The next answer is more controversial. We need free access to primary care for all our citizens. Cost is a limiting factor in a LOT of people’s unwillingness to attend the GP in Ireland. I am not an economist. I don’t have a lot of ideas how this can be achieved. Practically, I think we may have to accept that we will have to ultimately pay more taxes, but I don’t really know. But it needs to happen.

Public education is another thing we need. Most Ozzies/Kiwis will tell you the names of their tablets, inhalers etc, and can often tell you doses as well. A LOT of Irish patients can’t. Because the time has not been spent telling them. The time, and the staff, often simply aren’t there, or are too busy. I have never seen posters telling people the most appropriate ways to use the public health services available to them back home.

All of the above, unfortunately, cost money. A LOT of money. More staff, more resources, more public health involvement in educating the public, more media campaigns to do so. This isn’t a post on how to save money for once, but a post on how things would perhaps be if there was more money to spend. And I don’t have the answers to that one.
Dr. Jane Doe

Sunday, 10 August 2008

Rageing mums

Posted by Dr. Thunder

There's something in the water over the last week, I've always said that the Aussies are a bit more aggressive than the Brits and Irish, who used to keep a "stiff upper lip" about things. If they had a gripe, they'd complain to their friends and family, rather than to me. That's not neccesarily a good thing by any means, but that's the way it was.

Here in Australia, it's very different. People complain. A lot.

It's one of the few things about life as a doctor over here that's tougher than being a doc in Ireland or the UK. I've definitely been hollered at more (by staff and my patients' parents) here than I ever was in Europe. In some ways it's a good thing. You usually know if people aren't happy with the care you're giving their kids, and you can explain the reasoning behind it. So, in some ways it's actually conducive to a better working relationship.

But in other ways it's just a pain in the arse. Like this week

Parent 1 went to see the paediatric orthopaedic surgeons about an infected wound. The surgeons had put it in a cast, for some reason best known to themselves, and told the kiddy to come back for review in 3 days. At the follow up appointment, the cast was removed, and the wound was still infected. So, they rang the paediatric registrar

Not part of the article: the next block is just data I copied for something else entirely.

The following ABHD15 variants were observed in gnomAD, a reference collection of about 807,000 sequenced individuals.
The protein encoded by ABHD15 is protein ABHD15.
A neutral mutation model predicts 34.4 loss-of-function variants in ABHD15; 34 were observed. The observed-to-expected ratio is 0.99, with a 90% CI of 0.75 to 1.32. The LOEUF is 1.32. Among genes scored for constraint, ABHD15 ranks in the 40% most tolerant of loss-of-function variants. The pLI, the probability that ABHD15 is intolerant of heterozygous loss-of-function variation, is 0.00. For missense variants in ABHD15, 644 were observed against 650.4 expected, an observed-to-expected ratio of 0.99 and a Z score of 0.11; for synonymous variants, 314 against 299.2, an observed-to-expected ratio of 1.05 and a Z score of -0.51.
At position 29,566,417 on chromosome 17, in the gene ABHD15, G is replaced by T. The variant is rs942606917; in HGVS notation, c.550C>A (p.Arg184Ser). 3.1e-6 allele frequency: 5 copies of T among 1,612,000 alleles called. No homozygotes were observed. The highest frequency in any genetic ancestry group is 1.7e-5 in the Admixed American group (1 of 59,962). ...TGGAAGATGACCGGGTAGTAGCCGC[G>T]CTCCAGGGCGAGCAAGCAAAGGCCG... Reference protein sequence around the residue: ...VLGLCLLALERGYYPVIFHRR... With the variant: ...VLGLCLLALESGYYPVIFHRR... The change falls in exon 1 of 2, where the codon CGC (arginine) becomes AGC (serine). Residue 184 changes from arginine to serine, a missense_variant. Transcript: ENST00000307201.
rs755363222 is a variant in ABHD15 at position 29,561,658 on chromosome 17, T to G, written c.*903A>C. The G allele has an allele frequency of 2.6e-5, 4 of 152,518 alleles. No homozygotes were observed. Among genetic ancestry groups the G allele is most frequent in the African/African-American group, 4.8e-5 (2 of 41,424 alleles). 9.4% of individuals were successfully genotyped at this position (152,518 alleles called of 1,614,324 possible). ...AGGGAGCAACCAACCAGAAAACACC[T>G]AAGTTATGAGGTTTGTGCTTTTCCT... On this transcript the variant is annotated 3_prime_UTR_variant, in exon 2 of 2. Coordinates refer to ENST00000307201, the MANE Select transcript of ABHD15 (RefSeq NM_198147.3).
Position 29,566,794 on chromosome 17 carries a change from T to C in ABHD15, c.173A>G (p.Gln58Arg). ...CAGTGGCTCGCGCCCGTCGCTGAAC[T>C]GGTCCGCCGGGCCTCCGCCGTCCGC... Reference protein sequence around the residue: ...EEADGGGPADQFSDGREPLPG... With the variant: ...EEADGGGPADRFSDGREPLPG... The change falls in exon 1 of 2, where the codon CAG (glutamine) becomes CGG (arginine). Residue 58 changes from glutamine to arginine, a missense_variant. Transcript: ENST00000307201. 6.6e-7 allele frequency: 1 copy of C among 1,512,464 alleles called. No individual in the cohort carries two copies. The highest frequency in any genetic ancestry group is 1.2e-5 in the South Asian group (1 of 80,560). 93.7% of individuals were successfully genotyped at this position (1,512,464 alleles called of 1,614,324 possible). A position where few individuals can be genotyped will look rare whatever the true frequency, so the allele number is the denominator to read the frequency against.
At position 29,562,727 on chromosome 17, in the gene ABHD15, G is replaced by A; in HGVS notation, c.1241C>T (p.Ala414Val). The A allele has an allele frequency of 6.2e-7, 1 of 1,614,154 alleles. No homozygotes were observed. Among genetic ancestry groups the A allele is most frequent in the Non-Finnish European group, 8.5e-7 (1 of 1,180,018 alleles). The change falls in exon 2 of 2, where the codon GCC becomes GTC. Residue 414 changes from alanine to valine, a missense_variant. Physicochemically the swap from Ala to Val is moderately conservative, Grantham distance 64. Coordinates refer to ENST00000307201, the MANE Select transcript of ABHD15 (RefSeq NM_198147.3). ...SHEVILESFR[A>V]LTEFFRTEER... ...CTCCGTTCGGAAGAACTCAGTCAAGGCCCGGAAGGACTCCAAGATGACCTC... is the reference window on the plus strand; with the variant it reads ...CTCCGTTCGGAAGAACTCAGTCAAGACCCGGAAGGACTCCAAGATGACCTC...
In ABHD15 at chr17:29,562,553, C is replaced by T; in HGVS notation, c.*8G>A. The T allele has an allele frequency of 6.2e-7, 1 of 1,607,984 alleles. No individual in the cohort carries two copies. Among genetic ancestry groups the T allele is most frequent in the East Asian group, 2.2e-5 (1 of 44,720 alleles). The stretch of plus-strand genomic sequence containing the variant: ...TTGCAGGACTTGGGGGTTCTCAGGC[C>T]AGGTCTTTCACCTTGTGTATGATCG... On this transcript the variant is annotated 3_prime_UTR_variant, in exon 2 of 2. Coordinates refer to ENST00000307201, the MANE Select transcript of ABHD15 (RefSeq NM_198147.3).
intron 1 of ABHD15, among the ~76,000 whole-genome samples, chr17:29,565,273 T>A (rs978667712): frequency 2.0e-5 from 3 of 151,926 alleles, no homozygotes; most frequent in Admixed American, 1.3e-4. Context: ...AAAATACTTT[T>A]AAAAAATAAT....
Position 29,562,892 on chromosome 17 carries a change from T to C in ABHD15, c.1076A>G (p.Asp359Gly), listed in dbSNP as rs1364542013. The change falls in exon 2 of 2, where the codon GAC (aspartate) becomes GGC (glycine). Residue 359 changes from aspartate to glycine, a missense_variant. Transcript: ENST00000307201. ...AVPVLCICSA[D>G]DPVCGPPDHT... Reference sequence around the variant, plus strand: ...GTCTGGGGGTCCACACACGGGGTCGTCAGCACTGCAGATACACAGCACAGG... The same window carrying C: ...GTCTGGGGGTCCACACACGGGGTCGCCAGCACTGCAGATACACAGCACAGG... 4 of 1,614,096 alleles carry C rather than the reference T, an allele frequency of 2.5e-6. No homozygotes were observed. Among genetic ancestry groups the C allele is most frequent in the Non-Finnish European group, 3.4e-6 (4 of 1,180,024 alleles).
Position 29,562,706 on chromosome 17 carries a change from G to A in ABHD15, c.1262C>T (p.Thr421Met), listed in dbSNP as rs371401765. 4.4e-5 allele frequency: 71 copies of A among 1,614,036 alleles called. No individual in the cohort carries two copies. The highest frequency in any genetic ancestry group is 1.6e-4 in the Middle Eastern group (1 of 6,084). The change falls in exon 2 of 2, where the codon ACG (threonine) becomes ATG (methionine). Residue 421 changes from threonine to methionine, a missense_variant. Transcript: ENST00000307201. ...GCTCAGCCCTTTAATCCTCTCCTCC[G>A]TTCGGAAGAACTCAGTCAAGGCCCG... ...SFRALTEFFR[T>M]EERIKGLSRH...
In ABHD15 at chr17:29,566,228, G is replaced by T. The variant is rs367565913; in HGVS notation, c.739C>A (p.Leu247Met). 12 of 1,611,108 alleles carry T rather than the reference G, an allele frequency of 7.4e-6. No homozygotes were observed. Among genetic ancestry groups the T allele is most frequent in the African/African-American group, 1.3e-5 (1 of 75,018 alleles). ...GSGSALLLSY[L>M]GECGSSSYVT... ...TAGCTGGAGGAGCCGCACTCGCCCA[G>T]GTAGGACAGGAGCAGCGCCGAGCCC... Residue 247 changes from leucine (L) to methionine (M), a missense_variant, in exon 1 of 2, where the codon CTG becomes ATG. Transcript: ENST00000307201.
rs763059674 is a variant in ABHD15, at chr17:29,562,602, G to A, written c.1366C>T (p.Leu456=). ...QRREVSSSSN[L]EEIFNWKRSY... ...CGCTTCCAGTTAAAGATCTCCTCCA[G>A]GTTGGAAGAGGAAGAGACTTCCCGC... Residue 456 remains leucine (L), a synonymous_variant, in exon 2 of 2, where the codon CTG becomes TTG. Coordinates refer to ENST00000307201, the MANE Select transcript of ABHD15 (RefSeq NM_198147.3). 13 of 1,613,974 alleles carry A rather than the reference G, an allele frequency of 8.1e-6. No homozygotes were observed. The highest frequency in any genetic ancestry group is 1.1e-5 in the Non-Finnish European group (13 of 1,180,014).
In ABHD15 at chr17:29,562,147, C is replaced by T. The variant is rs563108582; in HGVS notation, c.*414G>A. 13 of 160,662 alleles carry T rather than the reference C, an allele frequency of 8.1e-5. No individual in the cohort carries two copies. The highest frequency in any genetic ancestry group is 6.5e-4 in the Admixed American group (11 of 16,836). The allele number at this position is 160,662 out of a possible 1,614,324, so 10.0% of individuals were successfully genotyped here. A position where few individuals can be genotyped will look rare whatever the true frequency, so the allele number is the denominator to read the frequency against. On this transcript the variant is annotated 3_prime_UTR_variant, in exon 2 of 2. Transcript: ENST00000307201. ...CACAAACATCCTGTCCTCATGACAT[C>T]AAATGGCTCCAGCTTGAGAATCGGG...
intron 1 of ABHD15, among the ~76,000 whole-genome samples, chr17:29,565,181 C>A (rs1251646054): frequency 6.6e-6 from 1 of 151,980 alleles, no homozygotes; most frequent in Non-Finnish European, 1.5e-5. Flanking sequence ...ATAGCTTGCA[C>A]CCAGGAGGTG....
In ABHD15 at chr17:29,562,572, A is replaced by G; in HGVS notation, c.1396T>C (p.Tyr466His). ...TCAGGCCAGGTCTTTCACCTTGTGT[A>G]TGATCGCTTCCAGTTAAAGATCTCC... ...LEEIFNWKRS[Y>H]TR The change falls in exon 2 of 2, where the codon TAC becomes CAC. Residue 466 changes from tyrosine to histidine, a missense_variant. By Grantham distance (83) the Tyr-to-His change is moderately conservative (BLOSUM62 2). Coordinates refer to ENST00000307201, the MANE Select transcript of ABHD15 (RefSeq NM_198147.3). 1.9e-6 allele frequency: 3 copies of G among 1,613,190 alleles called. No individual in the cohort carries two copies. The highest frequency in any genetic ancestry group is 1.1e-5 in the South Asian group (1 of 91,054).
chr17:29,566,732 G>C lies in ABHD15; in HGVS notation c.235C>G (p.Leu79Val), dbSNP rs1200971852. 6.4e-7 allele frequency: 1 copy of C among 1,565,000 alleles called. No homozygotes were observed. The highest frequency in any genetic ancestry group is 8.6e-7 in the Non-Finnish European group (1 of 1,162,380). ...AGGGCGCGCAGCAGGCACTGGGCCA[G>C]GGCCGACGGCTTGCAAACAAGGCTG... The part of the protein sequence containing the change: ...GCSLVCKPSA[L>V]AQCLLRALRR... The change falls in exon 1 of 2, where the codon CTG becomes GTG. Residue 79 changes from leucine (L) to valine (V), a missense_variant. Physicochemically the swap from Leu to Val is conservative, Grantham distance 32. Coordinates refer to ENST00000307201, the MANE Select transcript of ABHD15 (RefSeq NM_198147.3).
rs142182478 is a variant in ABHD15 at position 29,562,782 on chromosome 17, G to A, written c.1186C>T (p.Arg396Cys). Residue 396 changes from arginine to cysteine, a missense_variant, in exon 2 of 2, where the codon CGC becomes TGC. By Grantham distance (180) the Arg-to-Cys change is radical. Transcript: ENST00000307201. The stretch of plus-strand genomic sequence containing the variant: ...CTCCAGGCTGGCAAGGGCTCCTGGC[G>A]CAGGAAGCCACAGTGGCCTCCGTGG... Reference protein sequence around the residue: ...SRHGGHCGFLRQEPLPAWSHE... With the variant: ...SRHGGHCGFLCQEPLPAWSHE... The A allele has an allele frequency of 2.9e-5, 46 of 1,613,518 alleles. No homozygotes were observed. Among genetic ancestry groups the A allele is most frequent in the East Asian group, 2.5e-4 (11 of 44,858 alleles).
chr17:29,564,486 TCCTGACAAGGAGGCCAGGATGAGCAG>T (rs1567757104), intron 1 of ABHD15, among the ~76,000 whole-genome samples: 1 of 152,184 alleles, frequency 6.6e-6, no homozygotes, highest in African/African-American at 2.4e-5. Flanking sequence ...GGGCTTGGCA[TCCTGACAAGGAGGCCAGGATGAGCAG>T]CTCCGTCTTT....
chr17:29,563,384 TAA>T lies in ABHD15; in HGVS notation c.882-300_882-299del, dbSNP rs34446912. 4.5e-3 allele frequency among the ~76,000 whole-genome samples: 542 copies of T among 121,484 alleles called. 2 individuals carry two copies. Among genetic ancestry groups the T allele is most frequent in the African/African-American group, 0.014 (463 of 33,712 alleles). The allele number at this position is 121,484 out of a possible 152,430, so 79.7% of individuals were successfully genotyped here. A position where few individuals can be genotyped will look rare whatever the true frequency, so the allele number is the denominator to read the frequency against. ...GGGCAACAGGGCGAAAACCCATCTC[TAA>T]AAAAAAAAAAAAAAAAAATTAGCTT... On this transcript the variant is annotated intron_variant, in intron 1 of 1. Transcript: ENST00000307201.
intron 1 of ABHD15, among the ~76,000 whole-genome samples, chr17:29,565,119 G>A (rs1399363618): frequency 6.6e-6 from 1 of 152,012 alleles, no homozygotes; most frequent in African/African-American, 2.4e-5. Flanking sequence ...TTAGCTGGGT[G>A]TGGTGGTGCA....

"Hi Dr. Thunder. Its Dr. Bone from orthopaedics........blah blah blah.......we think this it's cellulitis., that will require IV antibiotics. Can you come and review?".

"OK", I said "But limb celulitis is something you guys can manage, so can you start the IV antibiotics? I'm stuck in the emergency department with quite a few sick kiddies, so it's going to be about 2 hours before I get there".

"OK, no problem".

2 hours goes by and I ramble onto the ward to see this kid. I walk over to the bed and say "Hi, I'm Dr. Thunder, how are we all doing?".

The torrent of abuse was unforgettable. It's also unrepeatable here. I was lambasted by this indignant mum for taking "2 WHOLE HOURS" to come and see her sick child.

I explained that there were 3 very sick babies in the emergency department, and I simply had to prioritise. Most people can see that kind of logic. But not this lady......"But we've been waiting TWO WHOLE HOURS" she repeated.

So, then I changed tact. I told them that the diagnosis of cellulitis had been made and that the antibiotics had been started, so any delay on my behalf wouldn't affect the outcome, as I was just here for a second opionion (In relaity I had no idea what I was there for, but I'm known in the hospital as someone who rarely refuses a referral for a consult. I'm a soft touch).

"The fucking antibiotics haven't been started yet. That's YOUR fucking job".

She was right. Nobody had bothered their arses starting antibiotics on this kid.

So, I sat there for a few minutes listening to some abuse, while writing in the notes. I have no idea what she said to me. She was screaming at the top of her voice about how I'm lazy and incompetent and the whole hospital should be shut down etc etc.

I walked off without saying a word. I paged the othopaedic surgeon with the following message "I can't believe you sent me into the jaws of hell without warning. Revenge will be mine. And don't think I'm cannlating that kid for you either!".

Parent number 2 rang me directly. She convinced switchboard to put her through to the on-call paediatric registrar. I answered the phone..."Hello Dr. Thunder, paediatrics".

"I want a prescription for Omeprazole 20mg twice daily, salbutamol 2 puffs as required....are you writing this down??.

"Eh, can I ask who's calling?".

"Mrs Smith....I also need some lamotrigine......".

"Hang on just one second. WHO ARE YOU?? Why are you ringing me up to write you a prescription?"

She sighed loudly, and started to speak very slowly and condascendingly."My son is a patient of the hospital. He gets these drugs. He's run out, so you need to write him a prescription".

Fine. I can do that. It's his own doctor's job, but if he's run out, then fair enough. So, I took his name and patient number so I could get his notes. I told his mum I'd prescribe whatever is in his notes. She said "OK, I'll be in at 11am tomorrow. Bye".

She hung up.

At 11, the pharmacy rang me. "Eh, this crazy lady is ranting and raving because you've prescribed the wrong drugs".

So, I went dowstairs to see her. Apparently her GP had changed a few doses since their last visit to the hospital, and she wanted them prescribed. I told her that I'd have to check with her GP first. At this point she went flipper. "Are you saying I'm lying?? I've been waiting half an hour for a simple prescription. This is outrageous. I'm going to write to the hospital about this".